Chaining Commands

By chaining commands, and using the when conditional commands, you can put together a host of work in a single block. The when commands are used to stop execution of the chain if their criteria isn't met. The when commands consist of:

Command Description
when Pass in your own function to evaluate the last result.
whenAll Pass in your own function to evaluate all previous results.
whenTrue When the previous command resolves True execution will continue
whenFalse When the previous command resolves False execution will continue

A whole buckload of commands

There are many ways you can interact with CSOM, and more will be added over time.
I've segmented each area to make it easier to work with. Here take a look:

Fluent API Description
spJsom.file File based methods live here. Use this in doc libraries and such.
spJsom.list Work with lists and libraries.
spJsom.listItem Query lists, create, delete, update, get and more...
spJsom.navigation Update and work with SP Navigation settings
spJsom.permission Check permissions of the current user against various objects
spJsom.publishingPage Work with publishing pages.
spJsom.user From user to manager to profile properties, its whats here.
spJsom.web Need to set the welcome page? or create a web? Do that here.

Want more techie detail? Visit the github repo here.

What about progress?

Yes, some of these commands like creating a new web take time. You can't just leave your users hanging, give them a progress indication.

onExecuting
To show progress, this method will give you the details you need.

.onActionExecuting((actionName:string, current:number, total:number) => {
    let progress = Math.ceil(100 * current / total);
    console.log(`Executing: ${actionName}, we are ${progress}% through.`);
})
            

onExecuted

.onActionExecuted((actionName:string, success:boolean, results: Array<any>) => {
    console.log(`Executed: ${actionName}:${success}`);
    if (!success) {
        console.error(actionName, results);
    }
})

NPM

Want to use this in your own project, either check out the sampleApp or run this node command:
npm i spjsomfluent --save

Getting started using the sample app for TypeScript and WebPack

  1. Clone the repository and copy the sampleApp folder to your own location. git clone https://github.com/TjWheeler/spJsomFluent
  2. run npm install from the sampleApp folder you copied using a Node shell
  3. run npm run debug to build the sample app. (The development commands listed above are valid for this app too.)
  4. Upload the resulting .js and .js.map to SharePoint or use Fiddlers autoresponder to a location of your chosing. eg; /style library/myApp
  5. Add a script reference in a Script Editor web part: <script src="https://yoursharepoint.sharepoint.com/sites/yoursite/style library/myApp/myApp.js"></script>
  6. Modify the app as needed (use npm run dev to watch the file updates you make and immediately rebuild)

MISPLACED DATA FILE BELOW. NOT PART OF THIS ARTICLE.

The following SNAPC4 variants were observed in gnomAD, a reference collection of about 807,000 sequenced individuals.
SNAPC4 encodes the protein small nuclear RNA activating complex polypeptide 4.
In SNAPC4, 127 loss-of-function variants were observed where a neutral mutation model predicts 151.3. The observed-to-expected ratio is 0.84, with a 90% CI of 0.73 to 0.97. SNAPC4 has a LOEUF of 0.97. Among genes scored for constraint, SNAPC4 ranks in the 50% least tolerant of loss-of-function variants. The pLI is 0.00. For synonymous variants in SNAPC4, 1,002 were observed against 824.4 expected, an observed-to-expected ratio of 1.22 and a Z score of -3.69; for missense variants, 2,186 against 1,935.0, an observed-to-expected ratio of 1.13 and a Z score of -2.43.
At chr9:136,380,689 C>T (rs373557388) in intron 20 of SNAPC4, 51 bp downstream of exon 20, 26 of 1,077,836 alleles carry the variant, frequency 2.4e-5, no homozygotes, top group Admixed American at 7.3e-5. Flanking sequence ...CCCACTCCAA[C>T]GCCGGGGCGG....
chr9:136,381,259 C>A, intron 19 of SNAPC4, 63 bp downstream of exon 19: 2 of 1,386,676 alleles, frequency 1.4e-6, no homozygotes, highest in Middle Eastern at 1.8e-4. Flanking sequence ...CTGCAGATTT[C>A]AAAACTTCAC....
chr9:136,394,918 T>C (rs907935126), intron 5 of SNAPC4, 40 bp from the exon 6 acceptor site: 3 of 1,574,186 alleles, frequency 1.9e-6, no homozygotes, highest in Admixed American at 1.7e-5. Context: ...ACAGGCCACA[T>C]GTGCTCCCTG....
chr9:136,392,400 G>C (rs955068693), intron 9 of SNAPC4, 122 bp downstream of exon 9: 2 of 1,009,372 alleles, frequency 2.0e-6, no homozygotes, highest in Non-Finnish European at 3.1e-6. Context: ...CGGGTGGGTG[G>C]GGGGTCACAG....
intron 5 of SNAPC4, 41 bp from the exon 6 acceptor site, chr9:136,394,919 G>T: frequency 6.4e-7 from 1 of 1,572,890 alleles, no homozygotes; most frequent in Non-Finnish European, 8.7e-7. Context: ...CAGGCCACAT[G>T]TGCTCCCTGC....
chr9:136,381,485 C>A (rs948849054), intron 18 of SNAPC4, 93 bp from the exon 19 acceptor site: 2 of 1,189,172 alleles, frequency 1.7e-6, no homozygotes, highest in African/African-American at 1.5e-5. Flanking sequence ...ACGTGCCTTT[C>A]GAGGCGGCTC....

Note: The default sample app is designed to create a List called MyList1 and a single list item.
Once the script is loaded, it will execute as soon as SP.js is loaded.

Adding your own commands?

Want to extend this? Sure, feel free, one way you can do this is you you can add your own custom Action Commands using the chainAction method.
To follow the convention you need to return a jQuery promise. Have a look at this custom command that sets the title of the web using the chainAction method.

var context = SP.ClientContext.get_current();
new spJsom.Fluent()
    .withContext(context)
    .chainAction("myCustomCommand", () => {
        var deferred = $.Deferred();
        context.get_web().set_title("My new title");
        context.get_web().update();
        spJsom.Fluent.executeQuery(context)
            .fail((sender, args) => {
                deferred.reject(sender, args);
            })
            .done(() => {
                deferred.resolve();
            });
        return deferred.promise();
    })
    .execute()
    .fail((sender, args) => {
        console.error(args.get_message());
    })
    .done((results) => {
        console.log(results);
    });

If you want to move your commands else where, and call them, try it this way using the chain method:

var context = SP.ClientContext.get_current();
var customAction = new spJsom.ActionCommand();
customAction.name = "myCustomCommand";
customAction.action = () => {
    var deferred = $.Deferred();
    context.get_web().set_title("My alternate title");
    context.get_web().update();
    spJsom.Fluent.executeQuery(context)
        .fail((sender, args) => {
            deferred.reject(sender, args);
        })
        .done(() => {
            deferred.resolve();
        });
    return deferred.promise();
};

new spJsom.Fluent()
    .withContext(context)
    .chain(customAction)
    .execute()
    .fail((sender, args) => {
        console.error(args.get_message());
    })
    .done((results) => {
        console.log(results);
    });

            

 

Conclusion

I built spJsom to make this quicker and easier for me as I'm building SharePoint apps all the time.  Hopefully it will be useful for you too, if you build SharePoint apps.  If you don't, then thanks for reading anyway.

I'll be adding new features in future, so if you are interested watch spJsomFluent on GitHub.